Xernona Clayton statue unveiled in downtown Atlanta plaza

Credit: Miguel Martinez

Credit: Miguel Martinez

Mayor Dickens, others recognize civic leader on International Women’s Day.

There was a moment Wednesday when Xernona Clayton was speaking at a ceremony marking the unveiling of a statue in her likeness that the power went out.

She was right in the middle of one of her stories, hardly noticed the mishap, and kept going. Walking about the stage, continuing the story to anyone who could strain to listen.

To her side was the still-covered statue of her, by Colorado-based sculptor Ed Dwight, who also created the monument to Hank Aaron that now stands at Truist Park.

But in front of Clayton was the city of Atlanta that she moved to in the 1960s and helped build through her work in civil rights, community organizing, philanthropy and television.

ExploreWho is Xernona Clayton

Credit: Miguel Martinez

Credit: Miguel Martinez

“When Xernona came here in (in the mid-1960s) there was nothing here,” said former Atlanta Mayor Andrew Young. “This city has been reborn by the citizens and energy that came out of the civil rights movement. And Xernona is part of that.”

Current Atlanta Mayor Andre Dickens put it simply: “She has had a front-row seat to a good deal of what has happened in Atlanta.”

By the time the power returned, more than 300 people had crammed into the tiny Xernona Clayton Plaza, across from the Hyatt Regency Atlanta downtown, for the unveiling of the statue on International Women’s Day.

Dickens said Clayton is only the second woman to have a street and a plaza named for them in the city and the first Black woman to have a statue in downtown Atlanta.

Credit: Miguel Martinez

Credit: Miguel Martinez

The Clayton statue is at the edge of the plaza, close to Peachtree Street, facing downtown Atlanta. The idea for a monument was hatched in 2021.

Clayton often begins working at 3 a.m. Rick Baker, a managing director at Merrill Lynch, and Mariela Romero, regional community empowerment director for Univision in Atlanta, approached Clayton at a 4 a.m. meeting about putting up a statue in Xernona Clayton Plaza, because their son didn’t know who she was.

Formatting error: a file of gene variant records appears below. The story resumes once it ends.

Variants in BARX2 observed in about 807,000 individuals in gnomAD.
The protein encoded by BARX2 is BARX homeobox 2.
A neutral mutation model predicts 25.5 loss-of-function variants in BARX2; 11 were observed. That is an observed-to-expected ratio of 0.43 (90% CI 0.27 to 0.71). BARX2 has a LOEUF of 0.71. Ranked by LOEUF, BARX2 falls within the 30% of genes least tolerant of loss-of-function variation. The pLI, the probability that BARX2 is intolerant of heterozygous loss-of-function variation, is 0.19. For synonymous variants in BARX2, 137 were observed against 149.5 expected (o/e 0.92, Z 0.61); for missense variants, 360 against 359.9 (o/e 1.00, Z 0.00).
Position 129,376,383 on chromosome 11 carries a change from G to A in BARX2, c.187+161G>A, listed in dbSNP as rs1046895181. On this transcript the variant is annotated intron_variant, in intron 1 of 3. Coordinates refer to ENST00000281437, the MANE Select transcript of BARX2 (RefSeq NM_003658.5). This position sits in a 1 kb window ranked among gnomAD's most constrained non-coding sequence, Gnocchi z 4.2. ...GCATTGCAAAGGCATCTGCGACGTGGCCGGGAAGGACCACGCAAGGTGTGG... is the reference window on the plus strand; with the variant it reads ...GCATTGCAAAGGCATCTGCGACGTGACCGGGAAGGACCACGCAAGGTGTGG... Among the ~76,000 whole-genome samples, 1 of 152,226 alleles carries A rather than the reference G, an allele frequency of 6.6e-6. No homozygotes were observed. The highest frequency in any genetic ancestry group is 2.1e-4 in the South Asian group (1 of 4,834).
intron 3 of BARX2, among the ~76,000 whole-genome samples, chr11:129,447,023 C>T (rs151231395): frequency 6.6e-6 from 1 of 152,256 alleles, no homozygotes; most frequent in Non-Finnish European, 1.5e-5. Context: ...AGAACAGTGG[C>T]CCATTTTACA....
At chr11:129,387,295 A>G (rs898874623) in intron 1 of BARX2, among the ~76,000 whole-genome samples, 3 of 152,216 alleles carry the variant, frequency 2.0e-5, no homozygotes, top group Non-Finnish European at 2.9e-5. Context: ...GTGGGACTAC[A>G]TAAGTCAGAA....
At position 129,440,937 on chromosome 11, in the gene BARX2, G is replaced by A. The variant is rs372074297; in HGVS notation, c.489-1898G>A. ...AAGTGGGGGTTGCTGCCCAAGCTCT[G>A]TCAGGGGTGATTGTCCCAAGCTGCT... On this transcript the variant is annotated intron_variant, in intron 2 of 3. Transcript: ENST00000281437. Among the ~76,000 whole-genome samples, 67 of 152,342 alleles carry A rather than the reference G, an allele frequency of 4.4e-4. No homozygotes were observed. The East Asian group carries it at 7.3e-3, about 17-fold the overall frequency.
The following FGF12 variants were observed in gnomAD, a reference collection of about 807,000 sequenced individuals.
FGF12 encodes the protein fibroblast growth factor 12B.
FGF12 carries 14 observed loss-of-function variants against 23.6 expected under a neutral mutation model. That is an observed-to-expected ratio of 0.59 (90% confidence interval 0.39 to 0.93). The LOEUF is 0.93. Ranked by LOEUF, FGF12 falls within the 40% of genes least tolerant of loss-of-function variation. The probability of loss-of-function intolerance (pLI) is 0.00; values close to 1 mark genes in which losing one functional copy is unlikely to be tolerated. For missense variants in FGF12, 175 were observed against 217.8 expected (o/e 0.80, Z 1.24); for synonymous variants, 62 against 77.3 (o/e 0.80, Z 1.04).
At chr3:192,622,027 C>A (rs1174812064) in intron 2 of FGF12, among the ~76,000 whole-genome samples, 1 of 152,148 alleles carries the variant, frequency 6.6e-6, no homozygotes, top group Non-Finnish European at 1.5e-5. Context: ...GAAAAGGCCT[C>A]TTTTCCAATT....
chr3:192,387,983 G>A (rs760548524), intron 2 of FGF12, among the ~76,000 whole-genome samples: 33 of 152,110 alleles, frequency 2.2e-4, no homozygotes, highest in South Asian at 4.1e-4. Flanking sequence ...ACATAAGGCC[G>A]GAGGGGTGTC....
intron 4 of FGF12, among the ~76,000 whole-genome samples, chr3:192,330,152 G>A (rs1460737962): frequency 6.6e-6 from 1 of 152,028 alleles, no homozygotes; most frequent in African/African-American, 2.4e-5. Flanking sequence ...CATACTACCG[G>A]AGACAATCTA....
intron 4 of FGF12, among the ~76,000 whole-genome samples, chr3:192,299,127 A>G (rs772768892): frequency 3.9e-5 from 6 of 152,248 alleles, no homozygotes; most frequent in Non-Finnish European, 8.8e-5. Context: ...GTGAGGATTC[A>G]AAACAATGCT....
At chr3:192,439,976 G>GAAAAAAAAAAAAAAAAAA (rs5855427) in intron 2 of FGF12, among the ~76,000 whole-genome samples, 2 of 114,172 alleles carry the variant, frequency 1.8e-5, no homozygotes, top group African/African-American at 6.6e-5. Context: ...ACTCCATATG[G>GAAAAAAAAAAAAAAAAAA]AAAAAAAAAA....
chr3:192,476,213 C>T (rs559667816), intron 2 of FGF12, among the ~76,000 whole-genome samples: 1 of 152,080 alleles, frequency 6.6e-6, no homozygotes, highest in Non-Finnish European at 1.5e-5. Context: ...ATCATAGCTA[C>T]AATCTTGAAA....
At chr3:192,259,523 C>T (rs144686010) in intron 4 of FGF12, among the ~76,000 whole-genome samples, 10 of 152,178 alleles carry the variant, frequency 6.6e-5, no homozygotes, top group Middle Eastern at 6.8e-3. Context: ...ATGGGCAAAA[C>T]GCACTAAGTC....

“We felt that she had been overlooked and not gotten the recognition that she should have,” Baker said.

Baker and Romero put up the initial funding for the project from personal funds.

Credit: Miguel Martinez

Credit: Miguel Martinez

On a brisk morning Wednesday, more than 20 people from the civil rights, business, entertainment and business communities stepped on stage to salute Clayton with short speeches.

Clayton, a native of Muskogee, Oklahoma, sometimes goes by the nickname “big,” but barely stands 5 feet tall.

Still, she has been a giant in Atlanta working closely with Coretta and Martin Luther King Jr. during the civil rights movement. She also worked with Ted Turner during the early days of Turner creating the Trumpet Awards in 1993, an annual program televised by the TBS network and distributed internationally to over 185 countries that honor the work and achievement of Black people.

Sitting in the front row, Clayton, 92, looked perfect as always. She was wearing a white suit, black blouse and shades, and smiled and clapped at the stories.

Every man who came on stage claimed to be Clayton’s boyfriend, a testament to not only her beauty but her ability to build coalitions and make people feel at ease.

Each tried to tell a more fantastic story to top their predecessor. But they were all upstaged by former Spelman College President Johnnetta Cole, who told the crowd that “Xernona is my girlfriend.”

Cole went on to call Clayton a “shero,” who led with courage, conviction and creativity. “She is a woman who exemplifies the African proverb, that says when women lead, streams run uphill,” Cole said.

Credit: Miguel Martinez

Credit: Miguel Martinez

At the end of the nearly two-hour ceremony, Clayton, Dickens and members of the planning committee pulled the cord to reveal the statue.

Hugging Dwight, the sculptor, Clayton joked that she demanded the statue make her look younger and a combination of Halle Berry, Lena Horne and Coretta Scott King.

“If not, this might be the last thing you ever do,” Clayton said, noting that Dwight finished the statue with failing eyesight.

Standing at 8 feet tall, the statue shows Clayton in bronze with her arms wide open and her trademark tight bun atop her head. She is wearing a long white coat, reminiscent of a royal robe. She is smiling.

“This is a magnificent piece of artwork. It represents all the people who are here and not here. It represents Dr. King’s memory and all the people in my life,” Clayton said. “I can’t do enough for the city. I want my home to be peaceful and loving. And I will do anything I can to help make that a reality.”